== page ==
The best performance of a Jethro Tull bassist on record? To my ears, it’s Stand Up (1969).
The then-quartet’s sophomore slab, encased in a fancy facsimile wood-carved pop-up photo gatefold was a showcase for founding member Glenn Cornick.
The late bassist grooves inventively on every cut: embedding chords in “Jeffrey Goes to Leicester Square,” melodically riffing on the coda to “Back to the Family,” forging a walking/chordal solo on “Bouree,” and swingin’ akin to a jazz master on “Nothing Is Easy” and “We Used to Know.”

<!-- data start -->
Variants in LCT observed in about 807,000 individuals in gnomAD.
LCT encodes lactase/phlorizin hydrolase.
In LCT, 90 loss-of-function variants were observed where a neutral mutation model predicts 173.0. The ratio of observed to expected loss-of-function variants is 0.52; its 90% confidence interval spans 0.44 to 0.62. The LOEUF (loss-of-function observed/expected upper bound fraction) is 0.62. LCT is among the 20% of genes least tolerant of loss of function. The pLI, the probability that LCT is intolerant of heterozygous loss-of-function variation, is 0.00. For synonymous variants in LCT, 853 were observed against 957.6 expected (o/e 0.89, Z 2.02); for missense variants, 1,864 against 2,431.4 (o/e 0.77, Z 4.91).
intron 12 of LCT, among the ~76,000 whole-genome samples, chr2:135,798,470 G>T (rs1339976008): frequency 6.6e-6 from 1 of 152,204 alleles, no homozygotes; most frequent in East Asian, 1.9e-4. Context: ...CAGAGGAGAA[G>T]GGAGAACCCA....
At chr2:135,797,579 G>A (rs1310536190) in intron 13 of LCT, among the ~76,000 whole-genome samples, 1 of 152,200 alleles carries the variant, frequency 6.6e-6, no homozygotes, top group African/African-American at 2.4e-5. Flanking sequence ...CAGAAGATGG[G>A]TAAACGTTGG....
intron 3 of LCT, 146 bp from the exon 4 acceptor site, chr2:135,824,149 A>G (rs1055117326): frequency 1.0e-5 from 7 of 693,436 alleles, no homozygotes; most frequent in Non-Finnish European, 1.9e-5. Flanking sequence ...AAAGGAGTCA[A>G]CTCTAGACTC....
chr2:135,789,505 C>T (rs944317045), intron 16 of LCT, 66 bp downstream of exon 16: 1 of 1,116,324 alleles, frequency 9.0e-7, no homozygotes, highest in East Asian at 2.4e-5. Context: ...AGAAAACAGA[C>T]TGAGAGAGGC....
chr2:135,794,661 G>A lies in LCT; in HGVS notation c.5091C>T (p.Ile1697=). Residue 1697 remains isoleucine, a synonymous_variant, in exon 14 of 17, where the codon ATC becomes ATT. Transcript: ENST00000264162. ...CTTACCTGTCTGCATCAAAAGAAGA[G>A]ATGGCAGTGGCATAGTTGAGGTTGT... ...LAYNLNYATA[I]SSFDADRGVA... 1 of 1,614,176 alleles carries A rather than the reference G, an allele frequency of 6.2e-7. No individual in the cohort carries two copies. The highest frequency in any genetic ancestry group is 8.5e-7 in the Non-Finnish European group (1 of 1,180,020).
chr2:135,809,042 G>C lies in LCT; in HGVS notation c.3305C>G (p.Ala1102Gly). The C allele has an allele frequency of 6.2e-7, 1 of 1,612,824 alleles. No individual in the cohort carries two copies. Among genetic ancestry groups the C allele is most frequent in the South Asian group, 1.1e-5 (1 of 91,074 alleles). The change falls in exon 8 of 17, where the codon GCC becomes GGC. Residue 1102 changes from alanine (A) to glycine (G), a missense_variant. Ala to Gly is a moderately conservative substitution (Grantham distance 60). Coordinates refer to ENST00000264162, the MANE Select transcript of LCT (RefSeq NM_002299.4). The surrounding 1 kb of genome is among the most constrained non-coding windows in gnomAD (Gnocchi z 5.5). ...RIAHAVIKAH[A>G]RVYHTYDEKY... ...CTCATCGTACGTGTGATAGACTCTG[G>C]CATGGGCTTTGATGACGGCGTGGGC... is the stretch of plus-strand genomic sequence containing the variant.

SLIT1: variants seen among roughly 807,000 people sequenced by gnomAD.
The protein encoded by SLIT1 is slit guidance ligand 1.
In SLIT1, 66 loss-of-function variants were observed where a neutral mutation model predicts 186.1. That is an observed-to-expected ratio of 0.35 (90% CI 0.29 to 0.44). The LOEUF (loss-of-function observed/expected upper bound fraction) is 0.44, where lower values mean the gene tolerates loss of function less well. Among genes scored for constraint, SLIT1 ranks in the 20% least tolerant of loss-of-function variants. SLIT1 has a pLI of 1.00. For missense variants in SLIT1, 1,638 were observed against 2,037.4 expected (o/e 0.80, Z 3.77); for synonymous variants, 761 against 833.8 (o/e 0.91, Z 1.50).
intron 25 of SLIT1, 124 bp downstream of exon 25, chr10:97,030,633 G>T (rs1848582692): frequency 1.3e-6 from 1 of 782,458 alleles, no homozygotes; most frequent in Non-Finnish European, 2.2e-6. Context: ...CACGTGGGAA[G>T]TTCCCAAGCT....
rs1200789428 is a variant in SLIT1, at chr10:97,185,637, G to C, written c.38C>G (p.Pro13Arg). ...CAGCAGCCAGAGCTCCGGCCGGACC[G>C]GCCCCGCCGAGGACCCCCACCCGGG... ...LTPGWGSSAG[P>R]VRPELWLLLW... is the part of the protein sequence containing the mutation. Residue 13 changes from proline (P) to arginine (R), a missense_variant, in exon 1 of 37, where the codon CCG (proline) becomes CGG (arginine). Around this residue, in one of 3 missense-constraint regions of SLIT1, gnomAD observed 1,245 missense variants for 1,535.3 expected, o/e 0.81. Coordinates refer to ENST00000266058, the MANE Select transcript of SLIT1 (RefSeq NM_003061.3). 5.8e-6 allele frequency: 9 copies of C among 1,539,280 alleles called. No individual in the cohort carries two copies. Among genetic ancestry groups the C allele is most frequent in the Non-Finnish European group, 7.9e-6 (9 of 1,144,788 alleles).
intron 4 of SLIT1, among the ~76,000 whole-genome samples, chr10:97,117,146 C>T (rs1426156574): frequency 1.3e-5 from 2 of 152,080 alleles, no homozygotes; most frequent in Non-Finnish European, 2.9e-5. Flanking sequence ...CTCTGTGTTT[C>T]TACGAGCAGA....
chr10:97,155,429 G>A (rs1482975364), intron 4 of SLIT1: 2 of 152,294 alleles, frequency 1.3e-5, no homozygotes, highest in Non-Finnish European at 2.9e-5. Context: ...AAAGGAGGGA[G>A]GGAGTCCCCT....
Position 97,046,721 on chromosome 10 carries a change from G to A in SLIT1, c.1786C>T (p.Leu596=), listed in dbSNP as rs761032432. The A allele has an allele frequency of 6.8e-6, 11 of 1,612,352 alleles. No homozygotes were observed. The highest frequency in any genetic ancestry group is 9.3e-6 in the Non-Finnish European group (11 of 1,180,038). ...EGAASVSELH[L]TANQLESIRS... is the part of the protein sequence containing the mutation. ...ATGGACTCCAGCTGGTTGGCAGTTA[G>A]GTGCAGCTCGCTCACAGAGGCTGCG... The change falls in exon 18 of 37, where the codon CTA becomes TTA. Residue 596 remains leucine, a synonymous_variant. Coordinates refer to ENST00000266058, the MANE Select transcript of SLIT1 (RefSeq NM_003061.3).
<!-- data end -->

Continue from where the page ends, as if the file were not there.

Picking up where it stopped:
And the 5/4 time-signature single cut just before those sessions which later emerged as the title track for the band’s first compilation, “Living in the Past” is founded on one of rock’s most memorable (and deceptively tricky) bass passages.